Small for size syndrome (liver graft)

Last revised by Joshua Yap on 7 Sep 2022

Small for size syndrome (SFSS) is a clinical syndrome caused by the transplantation of a liver graft that is too small for a recipient. It occurs when the graft to recipient weight ratio (GRWR) is less than 0.8% or a graft volume to standard liver volume ratio (GV/SLV) is less than 35%.

Clinical presentation includes many non-specific signs and symptoms including:

  • persistent elevation of bilirubin level
  • large amount of ascites in early post-operative period
  • coagulopathy
  • gastrointestinal bleeding
  • encephalopathy and renal failure in severe cases

The small for size syndrome occurs due to an imbalance between rapid liver regeneration and increased demand of liver to perform its function. It is believed to be related to both factors in the donor graft and recipient, listed below.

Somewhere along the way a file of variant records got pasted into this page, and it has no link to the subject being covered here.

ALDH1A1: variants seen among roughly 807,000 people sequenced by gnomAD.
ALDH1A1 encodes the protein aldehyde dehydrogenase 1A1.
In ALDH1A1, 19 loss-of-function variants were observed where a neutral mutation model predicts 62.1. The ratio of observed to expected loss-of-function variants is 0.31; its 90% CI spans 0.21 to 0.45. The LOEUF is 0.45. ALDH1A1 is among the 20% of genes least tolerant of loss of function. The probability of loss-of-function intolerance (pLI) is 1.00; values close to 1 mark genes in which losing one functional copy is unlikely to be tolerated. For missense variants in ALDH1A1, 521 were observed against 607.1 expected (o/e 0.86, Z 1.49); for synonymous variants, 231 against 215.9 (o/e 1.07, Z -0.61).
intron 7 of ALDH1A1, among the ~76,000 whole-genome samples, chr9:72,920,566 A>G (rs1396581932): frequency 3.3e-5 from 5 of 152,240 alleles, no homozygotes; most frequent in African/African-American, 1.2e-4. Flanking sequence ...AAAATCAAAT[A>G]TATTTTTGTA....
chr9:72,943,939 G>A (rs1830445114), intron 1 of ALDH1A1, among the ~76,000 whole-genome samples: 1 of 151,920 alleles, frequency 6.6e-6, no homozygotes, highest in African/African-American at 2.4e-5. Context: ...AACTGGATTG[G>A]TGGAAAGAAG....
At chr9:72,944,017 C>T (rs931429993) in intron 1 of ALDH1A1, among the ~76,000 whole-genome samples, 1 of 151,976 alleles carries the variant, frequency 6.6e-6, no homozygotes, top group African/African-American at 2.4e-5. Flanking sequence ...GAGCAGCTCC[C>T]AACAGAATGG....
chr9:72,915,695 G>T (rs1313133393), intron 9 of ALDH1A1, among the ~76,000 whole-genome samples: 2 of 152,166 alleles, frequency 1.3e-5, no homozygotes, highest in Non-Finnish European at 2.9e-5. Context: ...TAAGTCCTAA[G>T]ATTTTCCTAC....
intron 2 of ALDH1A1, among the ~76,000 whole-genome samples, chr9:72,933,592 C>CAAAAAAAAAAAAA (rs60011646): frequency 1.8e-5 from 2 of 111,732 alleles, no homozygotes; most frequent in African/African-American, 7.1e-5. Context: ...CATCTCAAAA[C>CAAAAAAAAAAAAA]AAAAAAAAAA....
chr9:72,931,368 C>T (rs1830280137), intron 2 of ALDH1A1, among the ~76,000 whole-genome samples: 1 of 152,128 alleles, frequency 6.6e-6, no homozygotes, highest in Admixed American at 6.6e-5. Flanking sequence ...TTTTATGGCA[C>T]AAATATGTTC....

• high portal inflow
  • low venous outflow
  • pre-existing steatosis in the donor graft
  • advanced donor age
  • warm and cold ischemia times
  • severe preoperative end-stage liver disease
  • poor health status

The literature suggests that controlling graft inflow and outflow is beneficial.

This control can be accomplished in several ways:

  • control adequate portal inflow by several methods e.g. splenectomy, splenic artery embolization, splenic artery ligation, mesocaval or portocaval shunts
  • control hepatic vein outflow by preservation of any short hepatic vein >0.5 cm and anastomosing it with inferior vena cava

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